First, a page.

Jesse M. MacKnight, 79, a retired Foreign Service officer with the State Department, died of a cerebral hemorrhage June 1 at Washington Adventist Hospital.

Mr. MacKnight was born in New York City. He graduated from Pennsylvania State University and received a master's degree in history and international relations from Clark University in Massachusetts.

He came to the Washington area in 1935 as a field director for the National Council for the Prevention of War, a private organization. He later worked as an independent research analyst before joining the Department of Justice during World War II. He was chief of the organization and analysis section in the department's foreign agents registration unit when he transferred to the State Department in 1945.

After 11 years there as a public affairs officer, he joined the Foreign Service. His overseas assignments included duty in Surinam and Togo. He was director of the office of Eastern and Southern African Affairs from 1963 until 1965, when he transferred to the board of examiners. He retired in 1970.

Mr. MacKnight was a past president of the Montgomery County Council PTA. He was a member of the Takoma Park Lions Club, the Takoma-East Silver Spring Advisory Committee and the League of Women Voters.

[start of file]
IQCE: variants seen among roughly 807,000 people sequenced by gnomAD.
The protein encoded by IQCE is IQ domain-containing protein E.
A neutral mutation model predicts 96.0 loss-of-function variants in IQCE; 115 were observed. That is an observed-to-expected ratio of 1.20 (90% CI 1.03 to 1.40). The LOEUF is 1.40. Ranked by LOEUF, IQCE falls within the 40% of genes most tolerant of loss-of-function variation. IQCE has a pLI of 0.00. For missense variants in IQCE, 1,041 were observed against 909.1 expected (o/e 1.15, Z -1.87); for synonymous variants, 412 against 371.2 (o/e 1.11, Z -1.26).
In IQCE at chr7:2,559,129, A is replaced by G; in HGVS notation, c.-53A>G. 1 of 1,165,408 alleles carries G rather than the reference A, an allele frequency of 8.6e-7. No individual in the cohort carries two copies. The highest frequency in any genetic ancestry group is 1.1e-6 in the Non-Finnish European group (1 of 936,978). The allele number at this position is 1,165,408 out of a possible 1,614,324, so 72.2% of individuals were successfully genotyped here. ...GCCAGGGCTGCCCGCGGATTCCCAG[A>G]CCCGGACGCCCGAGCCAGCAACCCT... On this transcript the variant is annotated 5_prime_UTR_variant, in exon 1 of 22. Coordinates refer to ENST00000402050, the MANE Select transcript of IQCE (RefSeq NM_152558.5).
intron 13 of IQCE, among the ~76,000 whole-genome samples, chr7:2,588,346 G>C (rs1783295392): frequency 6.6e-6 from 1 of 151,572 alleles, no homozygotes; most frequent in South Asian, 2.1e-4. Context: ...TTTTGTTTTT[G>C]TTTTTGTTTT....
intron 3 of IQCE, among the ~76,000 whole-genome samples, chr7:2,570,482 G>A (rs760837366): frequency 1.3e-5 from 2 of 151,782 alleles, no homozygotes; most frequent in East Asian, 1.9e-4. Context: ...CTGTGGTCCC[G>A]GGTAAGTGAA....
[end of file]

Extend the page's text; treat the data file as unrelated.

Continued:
Survivors include his wife of 57 years, Violet MacKnight of Takoma Park; two children, Susan MacKnight of Washington and David MacKnight of Rochester, N.Y.; and two grandchildren.



Winifred H. Woodhull, 69, a retired secretary and lobbying assistant with General Foods, and a past president of the D.C. chapter and Delaware-Maryland-District division of Professional Secretaries International, died of cancer May 31 at her home in Rockville.

Mrs. Woodhull was born in Crabtree, Pa. She graduated from the University of Pittsburgh and moved to the Washington area in 1941.

For the next five years she was on the staff of Rep. Leonard Hall (R-N.Y.). In 1962, after a period devoted to raising her family, she went to work for General Foods. She retired in 1987.

A 41-year member of what is now Professional Secretaries International, she was chairman of its international affairs council and helped organize a literacy project in connection with the 200th anniversary of the U.S. Constitution.

Survivors include her husband of 41 years, John Woodhull of Rockville; two daughters, Barbara Woodhull of Durham, N.C., and Freddie Woodhull of San Diego; and four grandchildren.


Motel Owner

Curtis Money, 82, who owned and operated the Quality Inn Boxwood South motel in Winchester, Va., from 1953 until he retired in 1972, died May 30 at Holy Cross Hospital in Pompano Beach, Fla. He had a stroke.

Mr. Money, a resident of Pompano Beach, was born in Fairax County. As a young man he worked for a Chevrolet dealership and then had his own garage in the Rosslyn section of Arlington. He moved to Winchester in 1953.

He was a member of the Elks Club and the Moose Lodge in Winchester. After retiring, he divided his time between Florida and Ocean City, Md.

Survivors include his wife, Vera Snow Money of Pompano Beach and Ocean City; a son, William C. Money Sr. of Annandale; a sister, Mae E. Dulin of Arlington; three grandchildren; and two great-grandchildren.